paulgatx

Mirror finish help needed

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Hello, newbie here working on my second knife.  The first was a practice knife made from a file, and I left the finish rougher as I wanted to retain the file lines.  This one is a wedding gift for a friend of my mother's, and while it will likely be a heavily used knife, I wanted to deliver it with a nicer finish since it's a gift.

It's a Baby Bowie made from 5160 leaf spring steel.  It's mostly done (hardened, edged, handle attached and shaped), but I still have to polish the blade and sand and finish the handle.

I hoped to get it there on my belt grinder, but I realize now that I hadn't done the proper research yet.  Now I'm trying to figure out how shiny I should be able to get it on my grinder and then how to finish it.

I have a 1x42 Kalamazoo grinder with cheapy AO belts from 40-400 grit and then nicer ceramic (mod edit Silicon Carbide) 1000 grit belts.  The finish in the picture, if you can see it properly, is the best I can get with stepping up from 120-240-400-1000.  The scratches in the middle of the blade seem to have been caused by the 1000 belt when I put it against the platten.  I can get it shinier around the edges of the flats on the slack part of the belt, but the platen grinding seems to not work as well.  I don't know if this is me (pressure, technique), the belt, or the platten.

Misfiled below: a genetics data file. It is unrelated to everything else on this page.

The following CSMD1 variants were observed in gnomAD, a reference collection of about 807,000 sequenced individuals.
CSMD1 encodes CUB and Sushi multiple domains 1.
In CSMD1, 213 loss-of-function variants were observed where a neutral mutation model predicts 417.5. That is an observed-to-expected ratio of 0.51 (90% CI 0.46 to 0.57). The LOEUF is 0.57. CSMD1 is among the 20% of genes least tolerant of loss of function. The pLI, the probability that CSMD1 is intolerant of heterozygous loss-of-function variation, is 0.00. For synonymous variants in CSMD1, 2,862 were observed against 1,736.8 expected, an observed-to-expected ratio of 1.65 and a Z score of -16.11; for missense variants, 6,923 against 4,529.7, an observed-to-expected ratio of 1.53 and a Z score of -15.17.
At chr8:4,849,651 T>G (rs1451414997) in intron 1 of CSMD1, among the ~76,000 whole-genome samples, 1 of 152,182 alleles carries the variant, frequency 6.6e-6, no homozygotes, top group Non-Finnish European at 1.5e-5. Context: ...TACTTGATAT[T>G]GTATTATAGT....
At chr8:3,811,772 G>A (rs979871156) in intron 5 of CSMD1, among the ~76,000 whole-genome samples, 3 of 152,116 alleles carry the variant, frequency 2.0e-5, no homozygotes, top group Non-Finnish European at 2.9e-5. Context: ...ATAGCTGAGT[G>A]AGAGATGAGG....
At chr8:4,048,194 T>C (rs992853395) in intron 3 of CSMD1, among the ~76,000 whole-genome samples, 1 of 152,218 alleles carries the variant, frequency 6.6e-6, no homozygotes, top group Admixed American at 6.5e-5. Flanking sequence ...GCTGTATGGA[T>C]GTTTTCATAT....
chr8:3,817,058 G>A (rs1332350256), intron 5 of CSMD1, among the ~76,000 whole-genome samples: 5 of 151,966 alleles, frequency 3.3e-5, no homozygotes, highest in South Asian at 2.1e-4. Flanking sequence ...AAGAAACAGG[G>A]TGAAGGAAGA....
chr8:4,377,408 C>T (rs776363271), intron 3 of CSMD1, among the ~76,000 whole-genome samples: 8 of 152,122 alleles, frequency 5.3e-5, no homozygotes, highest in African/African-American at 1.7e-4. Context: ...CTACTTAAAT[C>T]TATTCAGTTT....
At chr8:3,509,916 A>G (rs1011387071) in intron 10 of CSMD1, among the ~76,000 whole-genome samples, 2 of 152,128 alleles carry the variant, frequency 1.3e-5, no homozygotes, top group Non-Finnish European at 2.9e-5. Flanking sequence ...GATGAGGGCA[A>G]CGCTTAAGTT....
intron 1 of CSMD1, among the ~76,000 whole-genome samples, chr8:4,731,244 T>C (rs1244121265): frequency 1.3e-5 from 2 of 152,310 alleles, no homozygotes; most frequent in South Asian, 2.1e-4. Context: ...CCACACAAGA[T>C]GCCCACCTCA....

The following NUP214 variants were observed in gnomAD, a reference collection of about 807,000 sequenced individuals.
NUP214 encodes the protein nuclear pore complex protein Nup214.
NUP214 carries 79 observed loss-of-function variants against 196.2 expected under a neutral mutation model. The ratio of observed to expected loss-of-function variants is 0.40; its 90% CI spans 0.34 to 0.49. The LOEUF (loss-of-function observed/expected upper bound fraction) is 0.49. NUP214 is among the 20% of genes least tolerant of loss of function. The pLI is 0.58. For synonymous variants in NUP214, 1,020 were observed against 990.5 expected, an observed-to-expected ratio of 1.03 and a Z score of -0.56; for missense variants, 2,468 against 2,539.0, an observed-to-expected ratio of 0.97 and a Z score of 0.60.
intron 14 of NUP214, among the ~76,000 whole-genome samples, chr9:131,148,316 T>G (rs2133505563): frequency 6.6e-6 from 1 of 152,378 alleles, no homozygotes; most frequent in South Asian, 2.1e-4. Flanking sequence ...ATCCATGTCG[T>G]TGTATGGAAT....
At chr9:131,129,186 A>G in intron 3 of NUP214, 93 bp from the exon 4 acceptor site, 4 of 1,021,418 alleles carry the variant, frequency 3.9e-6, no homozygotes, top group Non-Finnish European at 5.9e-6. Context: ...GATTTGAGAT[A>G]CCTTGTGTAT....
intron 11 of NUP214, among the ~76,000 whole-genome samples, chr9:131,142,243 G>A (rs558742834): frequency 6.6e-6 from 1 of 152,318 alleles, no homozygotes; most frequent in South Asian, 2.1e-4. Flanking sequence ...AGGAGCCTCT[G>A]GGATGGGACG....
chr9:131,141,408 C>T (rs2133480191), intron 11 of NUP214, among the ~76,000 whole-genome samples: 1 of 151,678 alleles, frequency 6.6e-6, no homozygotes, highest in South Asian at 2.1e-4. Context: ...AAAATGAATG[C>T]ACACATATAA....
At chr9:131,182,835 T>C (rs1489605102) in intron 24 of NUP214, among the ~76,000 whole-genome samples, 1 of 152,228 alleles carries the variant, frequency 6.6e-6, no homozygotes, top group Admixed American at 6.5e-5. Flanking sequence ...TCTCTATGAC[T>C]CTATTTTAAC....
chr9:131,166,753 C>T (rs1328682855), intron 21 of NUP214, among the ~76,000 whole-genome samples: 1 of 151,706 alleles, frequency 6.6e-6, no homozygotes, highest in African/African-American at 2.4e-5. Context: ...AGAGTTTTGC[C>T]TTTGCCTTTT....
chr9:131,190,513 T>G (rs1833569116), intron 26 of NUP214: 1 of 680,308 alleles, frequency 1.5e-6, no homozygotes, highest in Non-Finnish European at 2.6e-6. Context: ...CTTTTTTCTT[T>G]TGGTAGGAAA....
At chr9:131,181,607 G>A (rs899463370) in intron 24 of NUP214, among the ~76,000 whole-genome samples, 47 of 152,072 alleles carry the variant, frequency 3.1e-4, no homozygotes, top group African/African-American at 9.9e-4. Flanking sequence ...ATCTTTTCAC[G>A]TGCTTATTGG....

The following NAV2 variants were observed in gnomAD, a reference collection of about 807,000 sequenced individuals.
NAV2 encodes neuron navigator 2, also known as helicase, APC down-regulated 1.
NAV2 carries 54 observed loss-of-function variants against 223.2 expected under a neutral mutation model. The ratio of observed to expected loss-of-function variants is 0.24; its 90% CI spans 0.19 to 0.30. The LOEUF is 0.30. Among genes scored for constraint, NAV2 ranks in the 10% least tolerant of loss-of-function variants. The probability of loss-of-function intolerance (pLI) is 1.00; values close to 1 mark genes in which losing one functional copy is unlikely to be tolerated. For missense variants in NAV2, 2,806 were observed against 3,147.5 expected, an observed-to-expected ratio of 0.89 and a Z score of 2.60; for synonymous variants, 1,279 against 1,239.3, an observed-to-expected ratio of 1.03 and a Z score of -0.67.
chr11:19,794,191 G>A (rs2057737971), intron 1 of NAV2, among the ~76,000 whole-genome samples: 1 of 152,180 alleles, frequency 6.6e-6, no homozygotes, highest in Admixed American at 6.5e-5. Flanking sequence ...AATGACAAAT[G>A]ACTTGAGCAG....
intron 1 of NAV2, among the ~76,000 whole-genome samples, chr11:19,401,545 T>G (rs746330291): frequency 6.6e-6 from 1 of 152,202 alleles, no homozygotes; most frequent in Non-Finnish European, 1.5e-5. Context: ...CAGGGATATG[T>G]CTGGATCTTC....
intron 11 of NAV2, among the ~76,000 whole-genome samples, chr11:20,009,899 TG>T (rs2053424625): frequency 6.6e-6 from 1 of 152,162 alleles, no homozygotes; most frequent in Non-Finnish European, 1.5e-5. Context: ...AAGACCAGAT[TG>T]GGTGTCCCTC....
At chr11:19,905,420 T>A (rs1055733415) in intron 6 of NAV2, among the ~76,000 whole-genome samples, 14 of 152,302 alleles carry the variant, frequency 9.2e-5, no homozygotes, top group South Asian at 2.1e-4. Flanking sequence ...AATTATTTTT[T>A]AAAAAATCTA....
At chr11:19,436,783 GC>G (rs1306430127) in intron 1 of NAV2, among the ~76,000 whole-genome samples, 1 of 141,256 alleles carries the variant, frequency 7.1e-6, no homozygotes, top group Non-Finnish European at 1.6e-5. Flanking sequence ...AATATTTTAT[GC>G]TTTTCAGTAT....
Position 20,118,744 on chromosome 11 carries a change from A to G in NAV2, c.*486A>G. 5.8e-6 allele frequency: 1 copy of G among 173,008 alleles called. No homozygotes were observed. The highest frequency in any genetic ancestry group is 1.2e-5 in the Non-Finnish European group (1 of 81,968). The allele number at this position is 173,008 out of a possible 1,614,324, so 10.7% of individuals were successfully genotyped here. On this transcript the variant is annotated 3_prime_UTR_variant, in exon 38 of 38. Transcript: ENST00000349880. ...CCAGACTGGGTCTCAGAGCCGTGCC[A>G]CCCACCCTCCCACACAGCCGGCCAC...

So is that the best I should expect on a grinder?  I have automotive wet/dry paper in grits 400-600-800-1000-1500-2000-2500-3000.  Is it best to just use those now with a backer and alternating direction polishing?  I've also seen videos using a sanding wheel, but I don't have one, and haven't purchased one yet.

Thanks for any and all advice.

IMG_20180707_150218499.jpg

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Are you planning to buff it and can you do so SAFELY!   Buffers are one of the most dangerous tools in a knifemaker's shop!

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It appears to me that the blade is pretty wedgey to begin with.  I don't think those scratches are from the 1,000 but that you are not removing the previous grit marks completely when stepping up in grit. When we reblued guns we only went to 230 grit and they came out smoother than that.

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Thomas, I wasn't planning on buffing since I don't have a grinding wheel or sanding/polishing wheel.  Just hoping to do it with the belt grinder and hand sanding, unless you guys tell me it won't be possible.  In that case I'm willing to add new toys to my shop.